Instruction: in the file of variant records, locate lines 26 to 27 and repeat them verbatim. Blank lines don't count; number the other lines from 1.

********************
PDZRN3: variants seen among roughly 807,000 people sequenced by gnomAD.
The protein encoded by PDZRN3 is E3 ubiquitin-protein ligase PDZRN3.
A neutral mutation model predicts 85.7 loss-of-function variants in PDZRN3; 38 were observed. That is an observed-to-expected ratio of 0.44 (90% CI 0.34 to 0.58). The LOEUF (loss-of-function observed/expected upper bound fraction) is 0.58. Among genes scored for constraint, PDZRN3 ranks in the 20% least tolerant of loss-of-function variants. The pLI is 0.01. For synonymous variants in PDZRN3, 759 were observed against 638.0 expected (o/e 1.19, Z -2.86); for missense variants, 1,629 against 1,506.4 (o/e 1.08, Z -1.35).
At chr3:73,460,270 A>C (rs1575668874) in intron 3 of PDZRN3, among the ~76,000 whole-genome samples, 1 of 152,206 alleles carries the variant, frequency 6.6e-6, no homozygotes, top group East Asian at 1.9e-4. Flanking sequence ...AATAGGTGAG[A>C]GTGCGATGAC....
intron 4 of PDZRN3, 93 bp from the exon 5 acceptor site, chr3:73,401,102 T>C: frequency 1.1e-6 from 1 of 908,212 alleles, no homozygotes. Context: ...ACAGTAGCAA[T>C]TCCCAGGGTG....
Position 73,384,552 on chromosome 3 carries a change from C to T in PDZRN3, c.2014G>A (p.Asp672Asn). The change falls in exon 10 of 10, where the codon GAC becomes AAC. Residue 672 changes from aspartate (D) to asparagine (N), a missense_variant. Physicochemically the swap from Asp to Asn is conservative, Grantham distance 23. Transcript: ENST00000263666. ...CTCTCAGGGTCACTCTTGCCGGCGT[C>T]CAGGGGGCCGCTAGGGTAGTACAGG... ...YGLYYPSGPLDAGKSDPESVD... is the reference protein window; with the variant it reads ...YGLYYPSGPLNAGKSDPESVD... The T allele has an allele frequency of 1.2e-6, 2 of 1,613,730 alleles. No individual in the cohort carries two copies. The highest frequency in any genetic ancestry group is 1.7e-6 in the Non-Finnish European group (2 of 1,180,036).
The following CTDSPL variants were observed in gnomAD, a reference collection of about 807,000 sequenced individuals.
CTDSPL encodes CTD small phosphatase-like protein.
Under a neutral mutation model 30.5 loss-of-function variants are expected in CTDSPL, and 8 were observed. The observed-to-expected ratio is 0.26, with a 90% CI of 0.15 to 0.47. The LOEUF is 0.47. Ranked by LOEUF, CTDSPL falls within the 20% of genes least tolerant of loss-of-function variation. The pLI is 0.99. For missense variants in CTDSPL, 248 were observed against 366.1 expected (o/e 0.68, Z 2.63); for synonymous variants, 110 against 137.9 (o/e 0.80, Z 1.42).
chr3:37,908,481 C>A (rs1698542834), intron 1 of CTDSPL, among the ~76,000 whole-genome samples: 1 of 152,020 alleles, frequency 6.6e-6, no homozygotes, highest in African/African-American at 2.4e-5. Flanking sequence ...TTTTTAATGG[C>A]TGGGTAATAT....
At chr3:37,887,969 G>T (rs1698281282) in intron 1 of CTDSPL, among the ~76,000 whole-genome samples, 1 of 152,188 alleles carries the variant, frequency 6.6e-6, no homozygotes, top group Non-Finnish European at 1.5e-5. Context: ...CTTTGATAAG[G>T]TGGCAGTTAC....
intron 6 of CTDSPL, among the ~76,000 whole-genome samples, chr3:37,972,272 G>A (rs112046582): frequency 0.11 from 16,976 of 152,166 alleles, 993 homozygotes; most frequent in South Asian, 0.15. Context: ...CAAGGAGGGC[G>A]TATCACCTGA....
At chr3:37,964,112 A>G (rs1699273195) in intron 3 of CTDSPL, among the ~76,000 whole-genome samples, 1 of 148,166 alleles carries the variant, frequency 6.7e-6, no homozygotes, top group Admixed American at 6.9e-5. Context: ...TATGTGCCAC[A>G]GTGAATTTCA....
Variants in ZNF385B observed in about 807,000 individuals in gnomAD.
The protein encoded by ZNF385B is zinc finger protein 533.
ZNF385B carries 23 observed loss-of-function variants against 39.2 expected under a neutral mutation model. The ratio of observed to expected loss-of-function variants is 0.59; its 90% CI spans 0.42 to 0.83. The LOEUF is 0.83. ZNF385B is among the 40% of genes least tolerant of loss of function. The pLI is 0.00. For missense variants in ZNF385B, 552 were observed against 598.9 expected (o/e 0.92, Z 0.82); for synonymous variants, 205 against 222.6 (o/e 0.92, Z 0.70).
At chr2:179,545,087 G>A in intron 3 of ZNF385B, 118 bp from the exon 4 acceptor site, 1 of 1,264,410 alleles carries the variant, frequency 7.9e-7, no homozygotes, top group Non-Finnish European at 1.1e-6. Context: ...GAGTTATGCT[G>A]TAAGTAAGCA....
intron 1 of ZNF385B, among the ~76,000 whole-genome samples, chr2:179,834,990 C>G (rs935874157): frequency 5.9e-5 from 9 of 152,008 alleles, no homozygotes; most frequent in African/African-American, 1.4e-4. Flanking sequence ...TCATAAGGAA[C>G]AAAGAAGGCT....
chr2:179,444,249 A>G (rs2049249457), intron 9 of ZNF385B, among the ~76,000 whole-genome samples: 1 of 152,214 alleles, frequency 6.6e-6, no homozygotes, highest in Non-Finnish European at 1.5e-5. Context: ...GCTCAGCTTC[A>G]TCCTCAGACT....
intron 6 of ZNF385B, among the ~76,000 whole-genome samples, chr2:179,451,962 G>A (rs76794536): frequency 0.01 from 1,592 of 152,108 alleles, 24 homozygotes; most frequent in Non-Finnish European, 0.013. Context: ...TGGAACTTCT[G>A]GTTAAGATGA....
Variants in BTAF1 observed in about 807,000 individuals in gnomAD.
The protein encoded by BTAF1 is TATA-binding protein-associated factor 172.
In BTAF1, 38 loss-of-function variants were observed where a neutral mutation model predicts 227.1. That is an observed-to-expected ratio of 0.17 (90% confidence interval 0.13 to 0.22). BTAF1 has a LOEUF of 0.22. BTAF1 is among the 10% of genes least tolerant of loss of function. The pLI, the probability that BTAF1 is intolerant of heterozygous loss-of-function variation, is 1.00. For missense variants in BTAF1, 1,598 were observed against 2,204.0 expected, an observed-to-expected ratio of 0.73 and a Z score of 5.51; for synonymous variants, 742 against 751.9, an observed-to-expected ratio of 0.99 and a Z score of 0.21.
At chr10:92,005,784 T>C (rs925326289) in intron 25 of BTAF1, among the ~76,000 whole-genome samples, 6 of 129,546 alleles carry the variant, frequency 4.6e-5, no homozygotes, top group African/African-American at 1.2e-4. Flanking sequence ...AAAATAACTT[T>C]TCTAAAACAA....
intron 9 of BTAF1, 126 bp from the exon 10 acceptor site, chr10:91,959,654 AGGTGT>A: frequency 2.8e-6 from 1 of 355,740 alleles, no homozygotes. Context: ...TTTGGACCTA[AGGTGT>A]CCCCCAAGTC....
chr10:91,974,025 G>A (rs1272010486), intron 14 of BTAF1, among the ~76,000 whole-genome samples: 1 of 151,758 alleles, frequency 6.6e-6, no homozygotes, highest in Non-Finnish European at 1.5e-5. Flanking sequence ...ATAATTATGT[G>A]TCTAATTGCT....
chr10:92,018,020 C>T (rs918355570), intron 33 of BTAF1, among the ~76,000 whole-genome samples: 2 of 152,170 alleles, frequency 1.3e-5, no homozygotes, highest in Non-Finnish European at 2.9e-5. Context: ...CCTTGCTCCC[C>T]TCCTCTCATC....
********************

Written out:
chr10:91,974,025 G>A (rs1272010486), intron 14 of BTAF1, among the ~76,000 whole-genome samples: 1 of 151,758 alleles, frequency 6.6e-6, no homozygotes, highest in Non-Finnish European at 1.5e-5. Flanking sequence ...ATAATTATGT[G>A]TCTAATTGCT....
chr10:92,018,020 C>T (rs918355570), intron 33 of BTAF1, among the ~76,000 whole-genome samples: 2 of 152,170 alleles, frequency 1.3e-5, no homozygotes, highest in Non-Finnish European at 2.9e-5. Context: ...CCTTGCTCCC[C>T]TCCTCTCATC....